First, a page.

I’ve been writing for over 20 years now (!). I continue to be surprised that simplicity is often the best solution to the health problems people face. But simplicity seems difficult. Why is simplicity a challenge? I don’t have an answer, but I do have a theory. I think it’s hard because we actually want complexity. It’s as if the complexity and difficulty of what we have to do will validate the challenge ahead of us.
I’ll give you an example. Allergic asthma can be a very scary situation. There’s nothing simple or easy about not being able to breathe. That said, the answer to some allergic asthma could be as simple as changing your cleaning strategy at home or avoiding the situations that might a be a trigger. Better cleaning might mean using a HEPA vacuum cleaner more regularly, choosing fragrance-free products, or getting rid of any mold and mildew. Check out some ideas in this article I wrote for Everydayhealth: http://www.everydayhealth.com/hs/allergic-asthma-in-adults/allergic-asthma/
Very interesting writing in the August 2015 issue of the Journal of Alzheimer’s Disease suggests that even a small amount of daily meditation (12 minutes) could bolster cognitive abilities, memory, sleep, and help reduce stress in people who are experiencing cognitive decline. The author goes a bit further and suggests this could prevent Alzheimer’s disease. Alzheimer’s disease is profoundly complicated, and it seems that the more researches dig into it, the more its course resembles the very tangled protein plaques that define it.
I will say this about meditation, as I have been practicing it daily now for a while (and off and on since my 20s) – I do believe that a regular practice could improve one’s quality of life mentally, physically, and spiritually, regardless of where your health journey is taking you. Meditation would perhaps be even more beneficial for the caregivers of people who are experiencing cognitive decline. One of my articles about stress management has been picked up by a caregivers website, and I am sharing it here for anyone who needs some ideas during stressful times. (http://www.caregiversamerica.com/company-blog/10-tips-to-help-you-de-stress)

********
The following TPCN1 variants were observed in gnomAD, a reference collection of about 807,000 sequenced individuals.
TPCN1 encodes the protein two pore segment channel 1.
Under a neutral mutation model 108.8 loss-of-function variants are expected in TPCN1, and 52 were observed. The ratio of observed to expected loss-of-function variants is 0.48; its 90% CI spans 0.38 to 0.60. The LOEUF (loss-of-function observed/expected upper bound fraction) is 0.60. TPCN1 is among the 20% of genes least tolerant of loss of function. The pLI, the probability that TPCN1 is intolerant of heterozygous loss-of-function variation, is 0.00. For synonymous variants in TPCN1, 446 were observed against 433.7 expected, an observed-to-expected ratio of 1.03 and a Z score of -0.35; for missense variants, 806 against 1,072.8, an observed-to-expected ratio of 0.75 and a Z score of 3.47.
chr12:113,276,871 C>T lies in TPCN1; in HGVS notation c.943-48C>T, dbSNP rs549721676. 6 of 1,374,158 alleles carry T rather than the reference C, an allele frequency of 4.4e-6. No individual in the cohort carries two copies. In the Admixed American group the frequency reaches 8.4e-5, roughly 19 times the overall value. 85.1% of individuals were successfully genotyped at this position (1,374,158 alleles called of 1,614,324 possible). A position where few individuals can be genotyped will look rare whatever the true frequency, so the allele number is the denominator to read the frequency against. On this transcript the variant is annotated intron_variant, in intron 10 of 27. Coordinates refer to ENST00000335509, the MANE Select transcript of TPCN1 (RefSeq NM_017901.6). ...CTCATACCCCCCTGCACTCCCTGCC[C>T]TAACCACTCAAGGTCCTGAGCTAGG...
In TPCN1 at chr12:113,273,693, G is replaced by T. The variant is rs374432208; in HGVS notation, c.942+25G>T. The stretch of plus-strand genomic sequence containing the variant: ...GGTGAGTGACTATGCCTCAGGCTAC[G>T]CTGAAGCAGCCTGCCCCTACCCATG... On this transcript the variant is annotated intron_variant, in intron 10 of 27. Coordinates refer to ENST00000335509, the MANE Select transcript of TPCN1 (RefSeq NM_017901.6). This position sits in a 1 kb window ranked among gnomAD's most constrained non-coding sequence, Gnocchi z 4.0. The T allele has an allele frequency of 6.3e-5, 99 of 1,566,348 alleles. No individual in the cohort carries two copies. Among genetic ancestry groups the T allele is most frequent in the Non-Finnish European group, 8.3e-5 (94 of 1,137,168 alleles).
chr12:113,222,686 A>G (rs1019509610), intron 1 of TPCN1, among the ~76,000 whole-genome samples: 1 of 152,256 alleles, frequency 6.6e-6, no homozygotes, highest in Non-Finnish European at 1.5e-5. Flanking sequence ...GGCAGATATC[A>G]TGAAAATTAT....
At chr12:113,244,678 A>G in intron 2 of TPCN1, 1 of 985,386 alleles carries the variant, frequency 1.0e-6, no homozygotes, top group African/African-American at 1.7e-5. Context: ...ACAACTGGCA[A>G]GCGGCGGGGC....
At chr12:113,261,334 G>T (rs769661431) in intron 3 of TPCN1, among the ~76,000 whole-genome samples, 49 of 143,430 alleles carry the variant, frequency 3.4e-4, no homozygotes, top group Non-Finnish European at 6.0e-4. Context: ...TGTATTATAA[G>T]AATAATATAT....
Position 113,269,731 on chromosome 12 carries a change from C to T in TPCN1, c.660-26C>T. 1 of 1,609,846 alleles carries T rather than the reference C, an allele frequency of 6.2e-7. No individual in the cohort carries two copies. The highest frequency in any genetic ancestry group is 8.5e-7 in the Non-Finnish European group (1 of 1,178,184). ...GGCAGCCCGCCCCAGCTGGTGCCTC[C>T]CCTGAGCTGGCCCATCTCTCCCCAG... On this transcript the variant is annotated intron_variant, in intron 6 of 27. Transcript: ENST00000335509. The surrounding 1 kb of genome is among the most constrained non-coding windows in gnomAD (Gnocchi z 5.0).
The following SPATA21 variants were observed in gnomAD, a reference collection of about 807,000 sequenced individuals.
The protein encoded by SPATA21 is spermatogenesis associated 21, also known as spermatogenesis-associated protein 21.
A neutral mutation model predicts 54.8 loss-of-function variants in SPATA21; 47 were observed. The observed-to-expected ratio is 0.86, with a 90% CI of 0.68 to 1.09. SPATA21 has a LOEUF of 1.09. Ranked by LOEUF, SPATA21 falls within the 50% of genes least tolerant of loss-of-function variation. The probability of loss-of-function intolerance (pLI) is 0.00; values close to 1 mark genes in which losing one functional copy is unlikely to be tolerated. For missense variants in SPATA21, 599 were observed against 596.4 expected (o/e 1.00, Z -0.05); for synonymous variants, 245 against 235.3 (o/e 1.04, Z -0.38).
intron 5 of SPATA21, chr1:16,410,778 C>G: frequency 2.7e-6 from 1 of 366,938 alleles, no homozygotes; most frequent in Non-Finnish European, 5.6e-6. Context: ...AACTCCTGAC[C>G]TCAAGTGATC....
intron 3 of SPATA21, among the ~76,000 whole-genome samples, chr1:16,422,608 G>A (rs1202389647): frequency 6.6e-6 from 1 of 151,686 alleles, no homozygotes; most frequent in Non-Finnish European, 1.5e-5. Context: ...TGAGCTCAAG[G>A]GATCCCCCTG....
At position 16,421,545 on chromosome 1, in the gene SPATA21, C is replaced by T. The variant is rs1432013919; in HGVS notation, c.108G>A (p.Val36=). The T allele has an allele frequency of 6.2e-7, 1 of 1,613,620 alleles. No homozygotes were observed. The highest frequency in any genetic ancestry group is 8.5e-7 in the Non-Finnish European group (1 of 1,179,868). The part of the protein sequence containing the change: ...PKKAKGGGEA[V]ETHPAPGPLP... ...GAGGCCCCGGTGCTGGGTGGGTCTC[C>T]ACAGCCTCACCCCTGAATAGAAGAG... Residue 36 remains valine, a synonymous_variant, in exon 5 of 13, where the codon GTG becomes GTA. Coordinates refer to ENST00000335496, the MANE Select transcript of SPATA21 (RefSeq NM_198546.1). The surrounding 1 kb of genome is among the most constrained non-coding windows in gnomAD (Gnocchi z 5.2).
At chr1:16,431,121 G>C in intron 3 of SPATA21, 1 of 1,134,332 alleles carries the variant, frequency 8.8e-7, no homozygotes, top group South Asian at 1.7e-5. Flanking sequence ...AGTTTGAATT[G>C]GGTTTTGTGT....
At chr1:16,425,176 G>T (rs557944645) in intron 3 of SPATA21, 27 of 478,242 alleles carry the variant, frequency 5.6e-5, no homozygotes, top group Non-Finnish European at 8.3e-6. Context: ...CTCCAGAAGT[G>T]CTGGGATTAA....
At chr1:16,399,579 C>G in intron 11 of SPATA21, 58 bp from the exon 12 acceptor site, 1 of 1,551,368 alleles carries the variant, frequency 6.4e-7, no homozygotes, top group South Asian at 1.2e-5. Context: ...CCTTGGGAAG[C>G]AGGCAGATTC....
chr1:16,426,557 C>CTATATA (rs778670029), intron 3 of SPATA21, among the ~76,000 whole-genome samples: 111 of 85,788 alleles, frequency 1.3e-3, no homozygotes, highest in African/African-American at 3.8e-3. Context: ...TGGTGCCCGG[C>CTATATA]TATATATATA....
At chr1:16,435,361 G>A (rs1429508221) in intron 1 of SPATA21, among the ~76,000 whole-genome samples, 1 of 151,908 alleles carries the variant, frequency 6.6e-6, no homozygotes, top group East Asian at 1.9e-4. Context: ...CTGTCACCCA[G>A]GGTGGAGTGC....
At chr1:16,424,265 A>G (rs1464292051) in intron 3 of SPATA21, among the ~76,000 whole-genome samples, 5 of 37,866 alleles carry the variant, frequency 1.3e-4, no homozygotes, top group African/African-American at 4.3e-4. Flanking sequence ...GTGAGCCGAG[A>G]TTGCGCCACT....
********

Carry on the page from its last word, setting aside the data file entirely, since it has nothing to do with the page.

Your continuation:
Personally I am working with the meditation approach taught by John Main and others in the WCCM community (www.wccm.org) There are, however, no magic bullets in this approach. The lasting benefits of meditation seem to come through daily practice over an extended period of time – but almost anyone would probably feel a bit more in control and less stressed by taking at least a few minutes to close their eyes, sit, breathe, and let go of the worries and anxieties that roll constantly through the mind!
One of the most challenging aspects of my work is finding people who are living with health conditions and asking them to share their story with the whole world. I am always amazed, and touched, by people’s willingness to do this. I’ve discussed some very difficult subjects with people who are in the trenches. I’ve talked to people about their thoughts of suicide, how their marriages have survived despite serious physical and mental health challenges, and how they feel about the loss of their mobility and independence. We’ve talked openly about conditions that can lead to significant embarrassment and stigma, such as inflammatory bowel disease and severe skin conditions. For these conversations, and all the ones to come, I am very grateful. When I worked in health and medical public relations, we knew that putting a face on a disease or condition would make it real to readers and viewers. There’s always the difficulty when you do this of respecting people’s privacy and being realistic with them about the outcome of the piece. Most people want to share their story because they feel — correctly, I think — that if their story can help just one person feel less alone or make a healthy decision, the sharing is worth it. That’s how we connect as social creatures, learning from one another and supporting each other along the way. Yet even as I believe in that positive aspect of discussing difficult situations, I strive always to honor the stories of the people I write about. Here’s an example, if you are interested, featuring the story of one of the most memorable men I’ve spoken with: http://www.everydayhealth.com/diabetes/suicide-and-diabetes-what-caregivers-should-know.aspx
I love to cook! I do! Even when my little guys are either clinging to me and begging me to do something else, or trying to help me. (On a side note, I love cooking with my kids and it’s wonderful as they grow older to see how much more they can do and to know that they are building a little internal recipe box so they can feed themselves, at least some of the time!) Over the years I’ve come to the conclusion that we’d all be healthier if we knew how to cook. It’s worth learning about food, and cooking, and trying new recipes. But I also get that sometimes it’s tiring to plan, and shop, and prep, and all that. So here’s a handy little guide to cutting down on the tiring part of cooking: http://www.everydayhealth.com/pictures/tip-guide-fatigue-free-healthy-meal-prep/?xid=tw_everydayhealth_sf#01
Having a blah day? I am. A little blue? Me too. But here’s the good news – listening to upbeat music that makes you feel happier really does make you happier. Seems circular, but it’s true. For me, that’s Imagine Dragons, New Orleans music, and more. What’s on your playlist? http://www.everydayhealth.com/depression/choose-music-to-boost-happiness-3267.aspx